Trinity College Dublin begins project to relocate vulnerable books

Three hundred years after the first foundation stone was laid, the 250,000 ancient books and manuscripts – including the ornately decorated ninth-century Book of Kells – printed on vellum, paper or silk are to be moved one by one, along with 500,000 others, to make way for the restoration of the building.

It is a monumental task that will take the best part of five years and cost €90m (£75m).

“Moving 750,000 vulnerable books is quite an undertaking, so we are having to pilot everything to see what is involved,” says TCD’s librarian and archivist Helen Shenton, who is leading the daunting project involving a 50-strong team.



The Daughter as Detective. A bibliophile tries to understand her father through his favorite Swedish mystery books.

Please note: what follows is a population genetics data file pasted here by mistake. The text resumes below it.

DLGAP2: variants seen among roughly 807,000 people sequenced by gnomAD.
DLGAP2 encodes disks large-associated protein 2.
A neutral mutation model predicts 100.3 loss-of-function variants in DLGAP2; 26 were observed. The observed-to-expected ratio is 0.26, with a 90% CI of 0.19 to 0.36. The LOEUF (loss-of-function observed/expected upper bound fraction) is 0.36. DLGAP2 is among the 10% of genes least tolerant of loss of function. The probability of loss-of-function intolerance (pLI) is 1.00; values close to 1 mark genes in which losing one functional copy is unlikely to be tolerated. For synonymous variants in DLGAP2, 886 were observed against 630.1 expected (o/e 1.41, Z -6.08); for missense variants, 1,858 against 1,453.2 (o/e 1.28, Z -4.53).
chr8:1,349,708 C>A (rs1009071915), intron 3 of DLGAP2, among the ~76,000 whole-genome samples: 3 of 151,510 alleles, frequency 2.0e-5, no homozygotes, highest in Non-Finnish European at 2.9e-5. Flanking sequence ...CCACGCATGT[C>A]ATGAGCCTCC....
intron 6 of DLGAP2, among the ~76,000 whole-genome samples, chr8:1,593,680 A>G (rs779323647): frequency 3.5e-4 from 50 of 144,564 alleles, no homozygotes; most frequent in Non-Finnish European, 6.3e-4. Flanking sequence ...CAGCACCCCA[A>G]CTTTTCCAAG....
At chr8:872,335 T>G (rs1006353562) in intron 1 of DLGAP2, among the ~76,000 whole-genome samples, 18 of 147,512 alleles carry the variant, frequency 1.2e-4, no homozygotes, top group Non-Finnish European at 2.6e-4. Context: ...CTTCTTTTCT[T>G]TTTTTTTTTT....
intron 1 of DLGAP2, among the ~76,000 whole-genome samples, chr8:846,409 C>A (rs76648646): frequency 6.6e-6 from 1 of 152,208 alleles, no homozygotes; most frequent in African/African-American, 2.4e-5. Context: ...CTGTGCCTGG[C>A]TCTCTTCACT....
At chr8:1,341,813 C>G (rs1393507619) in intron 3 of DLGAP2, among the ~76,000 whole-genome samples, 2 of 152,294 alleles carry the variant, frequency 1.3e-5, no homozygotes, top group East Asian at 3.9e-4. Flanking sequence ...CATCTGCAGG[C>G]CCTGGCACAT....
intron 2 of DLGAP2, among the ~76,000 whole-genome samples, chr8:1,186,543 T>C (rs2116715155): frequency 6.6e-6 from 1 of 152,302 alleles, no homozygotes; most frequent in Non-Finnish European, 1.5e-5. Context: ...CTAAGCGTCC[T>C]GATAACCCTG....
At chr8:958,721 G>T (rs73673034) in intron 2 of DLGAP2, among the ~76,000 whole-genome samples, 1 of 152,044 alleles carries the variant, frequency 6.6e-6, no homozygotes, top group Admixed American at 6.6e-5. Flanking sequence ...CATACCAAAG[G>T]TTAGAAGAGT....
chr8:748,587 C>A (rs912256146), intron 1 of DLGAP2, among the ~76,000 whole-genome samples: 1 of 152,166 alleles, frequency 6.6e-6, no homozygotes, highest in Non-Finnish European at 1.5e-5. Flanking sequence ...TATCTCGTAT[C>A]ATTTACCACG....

I don’t know why it’s so frustrating that my dad refuses to say or even think about why he likes the things he does, when his preoccupations run so deep and are so consistent.



Don’t wear gloves when you handle old books. From the British Library:

Whenever a manuscript is featured in the press or on television, we inevitably receive adverse comments about our failure to wear white gloves! The association of glove-wearing with handling old books is in fact a modern phenomenon, and one that has little scientific basis.

Essentially, we recommend that it is preferable to handle manuscripts with clean dry hands.

We were told the same thing when I studied book design at Reading. Gloves tend to cause more damage than they prevent. It’s one of those things that looks nice in photos.



American War 📚

American War is the first novel from Omar El Akkad. If you’re into dystopian sci-fi, I’d definitely recommend picking up a copy. His prose can be a bit of a slog at times, but worth seeing through. The world building is amazing, I found myself wanting to know more about it.

Full disclosure: Omar is an old friend, so I might be a tad biased. He has always been a prolific wordsmith, and one of my favourite writers, so I’m super-stoked that the book has been well received. Go Omar!